7)Reflecting the outperformance of manufacturing relative to services during the winter, the Eurozone January industrial production figure was better than expected and December was revised higher.
8)Germany said its exports in January rose 1.4% m/o/m which was well better than the estimate of down 1.8% and December was revised up by 3 tenths. China demand helped.
9)Distorted by the lunar holiday but still pretty robust, aggregate financing in February in China totaled 1.71T which was almost double the estimate of 910b and up from a large 5.17T increase in January. Of the 1.71T, 1.36T are bank loans vs 3.58T in January. After moderating to 9.4% growth in January, M2 growth was 10.1% vs the estimate of no change. Corporate borrowing and household loans for property were the main factors for the rise in lending.
10)China’s CPI in February fell .2% y/o/y, one tenth less than expected after a .3% drop in January. A 15% drop in pork prices y/o/y kept a lid on things. Ex food and energy saw core prices flat y/o/y and thus tame. However, coincident with the rise in commodity prices and other industrial strength and ever rising shipping costs, PPI rose 1.7% y/o/y vs .3% in January and two tenths higher than anticipated. That’s the biggest gain since November 2018.
11)China said its exports in February year to date (to smooth out the influence of the Lunar New Year) rose 61% y/o/y on easy comps as they were shut down in the same period last year and on a recovering global economy. That was well better than the estimate of up 40%. Also helping was the fact that less workers went home for the holiday and instead kept on working. Imports grew by 22.2% vs the forecast of up 16%.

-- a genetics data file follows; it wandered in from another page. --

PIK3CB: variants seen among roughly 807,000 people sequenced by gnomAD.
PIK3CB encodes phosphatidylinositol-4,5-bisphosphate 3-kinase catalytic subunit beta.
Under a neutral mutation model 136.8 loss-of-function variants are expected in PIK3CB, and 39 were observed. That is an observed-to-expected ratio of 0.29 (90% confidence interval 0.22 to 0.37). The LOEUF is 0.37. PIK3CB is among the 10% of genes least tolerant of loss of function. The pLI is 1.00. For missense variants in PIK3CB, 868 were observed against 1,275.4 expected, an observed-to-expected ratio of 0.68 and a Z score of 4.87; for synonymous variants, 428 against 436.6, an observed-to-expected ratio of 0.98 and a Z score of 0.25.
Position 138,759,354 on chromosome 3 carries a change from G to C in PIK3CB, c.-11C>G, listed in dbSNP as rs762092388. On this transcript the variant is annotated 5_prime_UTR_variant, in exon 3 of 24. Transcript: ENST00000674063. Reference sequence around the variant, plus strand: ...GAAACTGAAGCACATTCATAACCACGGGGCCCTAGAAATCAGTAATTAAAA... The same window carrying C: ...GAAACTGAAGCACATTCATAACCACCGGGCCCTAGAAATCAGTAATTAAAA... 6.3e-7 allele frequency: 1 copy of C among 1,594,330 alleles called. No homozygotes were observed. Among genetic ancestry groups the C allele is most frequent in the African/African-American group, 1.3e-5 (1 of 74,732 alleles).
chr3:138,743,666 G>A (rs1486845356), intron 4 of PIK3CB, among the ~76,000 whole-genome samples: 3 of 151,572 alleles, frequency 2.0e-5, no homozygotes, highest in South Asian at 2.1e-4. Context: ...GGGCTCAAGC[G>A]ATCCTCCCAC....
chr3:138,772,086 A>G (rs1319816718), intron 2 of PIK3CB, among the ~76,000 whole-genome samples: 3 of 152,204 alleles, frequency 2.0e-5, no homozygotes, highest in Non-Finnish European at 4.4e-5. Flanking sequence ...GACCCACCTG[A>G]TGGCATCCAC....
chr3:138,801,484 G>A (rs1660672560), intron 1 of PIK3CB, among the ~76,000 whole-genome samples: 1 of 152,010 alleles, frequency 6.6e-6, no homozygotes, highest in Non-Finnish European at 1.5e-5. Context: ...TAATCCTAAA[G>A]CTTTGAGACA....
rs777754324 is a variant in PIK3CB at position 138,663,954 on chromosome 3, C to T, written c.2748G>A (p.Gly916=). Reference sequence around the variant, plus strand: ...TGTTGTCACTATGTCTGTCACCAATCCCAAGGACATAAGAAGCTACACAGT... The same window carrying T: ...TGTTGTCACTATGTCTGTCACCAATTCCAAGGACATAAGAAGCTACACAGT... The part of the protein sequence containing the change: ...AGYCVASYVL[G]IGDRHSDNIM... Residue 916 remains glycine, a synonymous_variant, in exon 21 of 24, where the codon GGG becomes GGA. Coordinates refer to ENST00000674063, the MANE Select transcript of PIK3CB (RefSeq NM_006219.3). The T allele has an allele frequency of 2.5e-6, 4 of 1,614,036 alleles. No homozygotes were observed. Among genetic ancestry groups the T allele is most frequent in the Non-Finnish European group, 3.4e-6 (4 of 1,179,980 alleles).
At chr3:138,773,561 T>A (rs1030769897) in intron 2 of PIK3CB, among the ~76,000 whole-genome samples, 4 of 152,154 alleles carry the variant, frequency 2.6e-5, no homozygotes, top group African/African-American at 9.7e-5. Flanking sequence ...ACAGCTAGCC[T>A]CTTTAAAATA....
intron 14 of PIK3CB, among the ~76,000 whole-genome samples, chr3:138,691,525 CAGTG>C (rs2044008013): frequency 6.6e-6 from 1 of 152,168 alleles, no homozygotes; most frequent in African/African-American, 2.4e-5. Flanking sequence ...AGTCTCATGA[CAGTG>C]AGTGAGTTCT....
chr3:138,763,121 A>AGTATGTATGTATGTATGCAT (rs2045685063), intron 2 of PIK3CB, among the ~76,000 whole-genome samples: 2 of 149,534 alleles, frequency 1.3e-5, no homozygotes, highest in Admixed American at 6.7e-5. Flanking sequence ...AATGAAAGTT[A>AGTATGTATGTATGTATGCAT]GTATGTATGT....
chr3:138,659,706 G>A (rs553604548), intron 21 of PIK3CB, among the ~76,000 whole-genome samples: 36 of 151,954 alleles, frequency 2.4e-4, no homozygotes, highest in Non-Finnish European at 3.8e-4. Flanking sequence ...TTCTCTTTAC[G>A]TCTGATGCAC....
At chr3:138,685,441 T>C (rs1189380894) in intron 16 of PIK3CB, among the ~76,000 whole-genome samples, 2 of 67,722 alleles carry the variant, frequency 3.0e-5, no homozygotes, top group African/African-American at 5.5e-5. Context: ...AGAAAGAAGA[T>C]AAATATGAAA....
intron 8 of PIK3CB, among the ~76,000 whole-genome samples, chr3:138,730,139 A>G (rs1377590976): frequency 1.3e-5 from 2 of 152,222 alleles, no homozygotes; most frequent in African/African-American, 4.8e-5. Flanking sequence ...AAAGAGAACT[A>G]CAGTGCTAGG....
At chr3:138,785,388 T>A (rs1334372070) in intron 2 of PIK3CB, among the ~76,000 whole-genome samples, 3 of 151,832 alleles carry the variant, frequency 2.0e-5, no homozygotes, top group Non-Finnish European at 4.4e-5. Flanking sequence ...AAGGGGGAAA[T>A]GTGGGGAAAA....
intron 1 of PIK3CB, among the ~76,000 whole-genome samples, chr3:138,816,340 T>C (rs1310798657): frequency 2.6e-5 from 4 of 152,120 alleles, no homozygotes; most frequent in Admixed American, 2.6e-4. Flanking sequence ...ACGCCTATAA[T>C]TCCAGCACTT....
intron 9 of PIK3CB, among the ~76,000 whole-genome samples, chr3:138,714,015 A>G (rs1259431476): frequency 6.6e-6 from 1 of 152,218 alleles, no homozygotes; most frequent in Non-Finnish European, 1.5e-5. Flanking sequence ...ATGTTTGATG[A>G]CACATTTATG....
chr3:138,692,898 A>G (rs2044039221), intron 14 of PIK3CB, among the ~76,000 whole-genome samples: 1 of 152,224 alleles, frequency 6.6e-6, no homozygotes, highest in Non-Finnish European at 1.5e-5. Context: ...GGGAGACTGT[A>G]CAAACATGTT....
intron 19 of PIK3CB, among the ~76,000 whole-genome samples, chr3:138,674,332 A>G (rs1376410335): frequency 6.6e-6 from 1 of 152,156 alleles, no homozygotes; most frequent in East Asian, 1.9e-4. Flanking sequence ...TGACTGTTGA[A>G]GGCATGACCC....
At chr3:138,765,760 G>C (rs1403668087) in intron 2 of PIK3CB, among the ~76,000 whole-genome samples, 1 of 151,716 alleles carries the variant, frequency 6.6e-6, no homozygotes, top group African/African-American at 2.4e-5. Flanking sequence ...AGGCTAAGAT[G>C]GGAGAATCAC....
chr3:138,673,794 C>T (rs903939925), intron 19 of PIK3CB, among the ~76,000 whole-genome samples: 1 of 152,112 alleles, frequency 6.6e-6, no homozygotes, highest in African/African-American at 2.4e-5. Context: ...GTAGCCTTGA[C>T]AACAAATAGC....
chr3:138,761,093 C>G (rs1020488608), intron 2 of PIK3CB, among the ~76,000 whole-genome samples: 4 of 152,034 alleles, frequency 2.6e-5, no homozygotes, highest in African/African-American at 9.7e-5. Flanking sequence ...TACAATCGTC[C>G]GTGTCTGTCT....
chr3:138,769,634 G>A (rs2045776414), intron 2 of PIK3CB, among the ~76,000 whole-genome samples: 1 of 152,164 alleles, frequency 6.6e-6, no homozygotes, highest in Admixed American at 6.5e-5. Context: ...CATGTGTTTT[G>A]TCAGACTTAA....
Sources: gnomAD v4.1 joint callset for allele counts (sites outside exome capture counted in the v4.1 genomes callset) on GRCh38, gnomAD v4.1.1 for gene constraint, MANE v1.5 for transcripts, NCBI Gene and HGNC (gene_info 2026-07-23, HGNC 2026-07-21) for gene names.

1)The shaky foundation of the world’s bond markets is revealed further and those central banks that have chosen to fight back this week had some mixed results. Fresh multi year highs were seen in US inflation breakevens. While the 3 yr note auction was great, the more market driven 10 and 30 yr auctions were mediocre.
2)Delayed by two weeks, those still receiving continuing PUA jumped by 1.1mm to 8.4mm, the highest since mid December and continuing Pandemic Emergency Assistance rose 985k to 5.45mm to the highest since the pandemic.
3)With the rise in mortgage rates refi’s fell 5% w/o/w and now are down 43% y/o/y as comparisons were tough in mid March last year as rates collapsed.